In its second season on the market, spec developer Todd Glaser found a buyer for the 2.3-acre Tarpon Island, which closed for $152 million at the end of May. Glaser first listed it for $218 million in 2022. He and his investment partners bought the island for $85 million in 2021 and renovated and expanded the mansion to nearly 24,000 square feet, with 11 bedrooms, 15 bathrooms and seven half-bathrooms. The estate has two pools, a dock, a lighted tennis court, a catering kitchen and a wellness wing with a cold plunge, steam room, sauna, salon parlor, massage room and gym. Frisbie and Chris Leavitt of Elliman had the listing, and Brandt represented the buyer.

$85M | 108 El Mirasol | Seller: Anand Khubani

Ideavillage founder Anand Khubani sold an oceanfront vacant lot for $85 million in April. Lawrence Moens of Lawrence A. Moens Associates had the pocket listing for the one-acre lot at 108 El Mirasol, and Dana Koch of Corcoran brought the buyer. Khubani and his wife, Neeta Khubani, bought the El Mirasol property for $12.7 million in 2005, according to property records.

$74.3M | 740 Hi Mount Road | Buyer: Harvey Jones

Nvidia billionaire Harvey Jones bought the 10,500-square-foot lakefront mansion at 740 Hi Mount Road for $74.3 million in an off-market deal in March, his first of two trophy deals this season. The seller, Candida Burnap, was downsizing to a $13 million North End home she bought in December. Burnap bought the 1-acre Hi Mount Road estate for $4.4 million in 1995, and she built the six-bedroom, six-and-a-half-bathroom mansion in 1999. It has a pool and a dock on the Intracoastal Waterway.

Douglas Elliman’s Chris Leavitt and Ashley McIntosh represented Jones in the latest deal. Todd Peter of One Sotheby’s International Realty represented Burnap.

$60.4M | 130 Banyan Road | Sellers: Victoria Hagan and Michael Berman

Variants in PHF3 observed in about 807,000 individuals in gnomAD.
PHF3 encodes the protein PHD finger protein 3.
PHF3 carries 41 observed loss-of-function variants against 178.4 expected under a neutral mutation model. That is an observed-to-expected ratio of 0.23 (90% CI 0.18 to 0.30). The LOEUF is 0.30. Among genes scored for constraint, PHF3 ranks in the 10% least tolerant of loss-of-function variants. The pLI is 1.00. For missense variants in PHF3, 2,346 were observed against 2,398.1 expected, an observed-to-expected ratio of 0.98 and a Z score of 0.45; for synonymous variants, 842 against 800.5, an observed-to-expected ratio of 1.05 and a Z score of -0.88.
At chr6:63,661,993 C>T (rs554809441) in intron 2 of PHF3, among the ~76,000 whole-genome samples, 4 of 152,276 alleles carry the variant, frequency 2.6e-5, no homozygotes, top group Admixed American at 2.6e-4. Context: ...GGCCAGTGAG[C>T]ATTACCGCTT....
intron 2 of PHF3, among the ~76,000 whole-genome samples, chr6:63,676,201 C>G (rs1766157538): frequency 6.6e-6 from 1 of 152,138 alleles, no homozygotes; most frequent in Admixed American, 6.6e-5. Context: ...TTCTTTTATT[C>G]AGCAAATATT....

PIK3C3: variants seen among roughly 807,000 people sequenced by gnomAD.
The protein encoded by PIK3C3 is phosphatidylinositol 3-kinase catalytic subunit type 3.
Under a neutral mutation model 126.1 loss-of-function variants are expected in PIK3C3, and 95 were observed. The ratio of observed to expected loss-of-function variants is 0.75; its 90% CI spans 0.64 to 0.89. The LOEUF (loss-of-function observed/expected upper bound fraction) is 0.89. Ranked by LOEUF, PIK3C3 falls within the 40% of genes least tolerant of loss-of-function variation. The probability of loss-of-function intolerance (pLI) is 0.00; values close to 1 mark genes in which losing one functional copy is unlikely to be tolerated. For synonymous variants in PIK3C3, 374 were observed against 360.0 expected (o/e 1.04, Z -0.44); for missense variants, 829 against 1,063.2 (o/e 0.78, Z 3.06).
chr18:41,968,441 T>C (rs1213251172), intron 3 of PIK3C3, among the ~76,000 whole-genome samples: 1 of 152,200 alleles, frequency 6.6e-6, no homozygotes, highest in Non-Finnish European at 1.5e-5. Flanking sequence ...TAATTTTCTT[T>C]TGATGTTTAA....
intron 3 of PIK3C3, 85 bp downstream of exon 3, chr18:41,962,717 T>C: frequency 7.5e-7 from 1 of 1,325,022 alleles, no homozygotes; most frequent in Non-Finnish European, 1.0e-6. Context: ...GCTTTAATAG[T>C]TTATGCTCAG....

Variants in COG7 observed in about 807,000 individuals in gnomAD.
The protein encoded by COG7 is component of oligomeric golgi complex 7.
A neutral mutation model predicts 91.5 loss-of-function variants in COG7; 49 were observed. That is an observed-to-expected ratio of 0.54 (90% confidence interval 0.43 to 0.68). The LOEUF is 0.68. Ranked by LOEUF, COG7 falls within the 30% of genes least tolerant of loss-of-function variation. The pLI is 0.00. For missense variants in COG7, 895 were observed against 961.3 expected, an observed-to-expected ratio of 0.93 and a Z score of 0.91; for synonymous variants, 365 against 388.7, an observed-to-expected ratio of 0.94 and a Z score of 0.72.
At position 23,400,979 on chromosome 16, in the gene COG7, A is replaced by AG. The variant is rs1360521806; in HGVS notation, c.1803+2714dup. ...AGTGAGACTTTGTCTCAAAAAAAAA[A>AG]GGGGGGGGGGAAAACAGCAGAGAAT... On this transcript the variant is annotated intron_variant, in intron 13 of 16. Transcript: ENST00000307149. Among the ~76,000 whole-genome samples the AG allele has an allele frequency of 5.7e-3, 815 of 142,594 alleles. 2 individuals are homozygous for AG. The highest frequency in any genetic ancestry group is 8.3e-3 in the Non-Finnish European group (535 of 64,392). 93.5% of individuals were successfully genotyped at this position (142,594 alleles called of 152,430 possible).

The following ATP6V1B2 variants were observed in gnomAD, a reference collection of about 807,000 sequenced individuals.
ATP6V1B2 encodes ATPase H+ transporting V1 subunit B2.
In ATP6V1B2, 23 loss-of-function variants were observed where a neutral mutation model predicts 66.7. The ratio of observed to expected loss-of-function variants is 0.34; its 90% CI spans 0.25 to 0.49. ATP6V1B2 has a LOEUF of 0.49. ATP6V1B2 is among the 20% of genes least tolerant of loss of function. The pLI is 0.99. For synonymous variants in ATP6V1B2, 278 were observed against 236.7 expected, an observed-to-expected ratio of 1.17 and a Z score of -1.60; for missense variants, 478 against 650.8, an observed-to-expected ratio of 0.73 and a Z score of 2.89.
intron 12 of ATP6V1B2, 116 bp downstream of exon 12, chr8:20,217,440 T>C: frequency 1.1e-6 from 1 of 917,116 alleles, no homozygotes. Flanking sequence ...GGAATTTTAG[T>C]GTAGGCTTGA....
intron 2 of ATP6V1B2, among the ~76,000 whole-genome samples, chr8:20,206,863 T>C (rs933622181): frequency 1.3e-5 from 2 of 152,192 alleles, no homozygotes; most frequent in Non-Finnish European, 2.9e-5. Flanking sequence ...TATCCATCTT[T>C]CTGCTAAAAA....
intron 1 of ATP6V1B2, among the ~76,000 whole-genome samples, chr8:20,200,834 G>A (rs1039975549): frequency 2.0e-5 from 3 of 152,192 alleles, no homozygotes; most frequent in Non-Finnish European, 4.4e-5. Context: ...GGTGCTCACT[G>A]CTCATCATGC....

Interior designer Victoria Hagan and her media mogul husband Michael Berman sold their renovated mansion at 130 Banyan Road for $60.4 million, which marked one of the priciest non-waterfront sales ever on the island. Liza Pulitzer and Whitney McGurk of Brown Harris Stevens represented the sellers, and fellow Brown Harris Stevens agent Blair Kirwan brought the buyer. The couple bought the 1-acre compound for $11.1 million in 2020. The 9,700-square-foot mansion was built in 1926, and has five bedrooms, seven bathrooms, one half-bathroom, a pool and a tennis court. 

$51.3M | 200 South Ocean Boulevard | Sellers: David and Becky Gochman

Former sporting goods mogul David Gochman and his wife Becky Gochman sold their house at 200 South Ocean Boulevard for $51.3 million in May. The couple bought the 0.9-acre property for $15.4 million in 2014 and built the 5,800-square-foot house in 2018. It spans six bedrooms, five bathrooms, a pool, and faces the beach. They listed it for $59 million in February, prior  to closing on a $9.4 million home in West Palm Beach’s El Cid neighborhood in April. McCann had the South Ocean Boulevard listing, and Phatavahn and Derek Olsen of Elliman brought the buyer.

$50M | 940 North Lake Way | Seller: Harvey Jones

Jones, who made his $1.1 billion fortune as a longtime tech executive and Nvidia board member, flipped the vacant lakefront lot at 940 North Lake Way for $50 million in May. He bought it for that same price in July of 2023. He listed the 0.8-acre property for $59 million in November, and dropped the price to $55 million in February before breaking even. Todd Peter and Frances Peter of Sotheby’s International Realty represented him, and Angle represented the buyer.